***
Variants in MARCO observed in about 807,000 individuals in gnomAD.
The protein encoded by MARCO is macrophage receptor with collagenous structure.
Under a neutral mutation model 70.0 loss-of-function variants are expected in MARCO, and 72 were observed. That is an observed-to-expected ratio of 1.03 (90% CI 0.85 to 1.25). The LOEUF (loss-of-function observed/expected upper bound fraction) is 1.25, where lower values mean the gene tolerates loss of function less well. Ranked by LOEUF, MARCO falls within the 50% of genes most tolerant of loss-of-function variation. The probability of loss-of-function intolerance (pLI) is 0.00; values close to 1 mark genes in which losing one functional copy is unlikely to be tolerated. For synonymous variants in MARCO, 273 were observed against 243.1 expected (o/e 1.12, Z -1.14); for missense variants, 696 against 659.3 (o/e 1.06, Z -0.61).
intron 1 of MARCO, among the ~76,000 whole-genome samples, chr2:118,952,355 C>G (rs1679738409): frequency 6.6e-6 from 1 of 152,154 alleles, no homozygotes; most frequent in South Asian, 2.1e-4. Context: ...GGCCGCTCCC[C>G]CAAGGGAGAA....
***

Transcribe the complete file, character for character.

Variants in MARCO observed in about 807,000 individuals in gnomAD.
The protein encoded by MARCO is macrophage receptor with collagenous structure.
Under a neutral mutation model 70.0 loss-of-function variants are expected in MARCO, and 72 were observed. That is an observed-to-expected ratio of 1.03 (90% CI 0.85 to 1.25). The LOEUF (loss-of-function observed/expected upper bound fraction) is 1.25, where lower values mean the gene tolerates loss of function less well. Ranked by LOEUF, MARCO falls within the 50% of genes most tolerant of loss-of-function variation. The probability of loss-of-function intolerance (pLI) is 0.00; values close to 1 mark genes in which losing one functional copy is unlikely to be tolerated. For synonymous variants in MARCO, 273 were observed against 243.1 expected (o/e 1.12, Z -1.14); for missense variants, 696 against 659.3 (o/e 1.06, Z -0.61).
intron 1 of MARCO, among the ~76,000 whole-genome samples, chr2:118,952,355 C>G (rs1679738409): frequency 6.6e-6 from 1 of 152,154 alleles, no homozygotes; most frequent in South Asian, 2.1e-4. Context: ...GGCCGCTCCC[C>G]CAAGGGAGAA....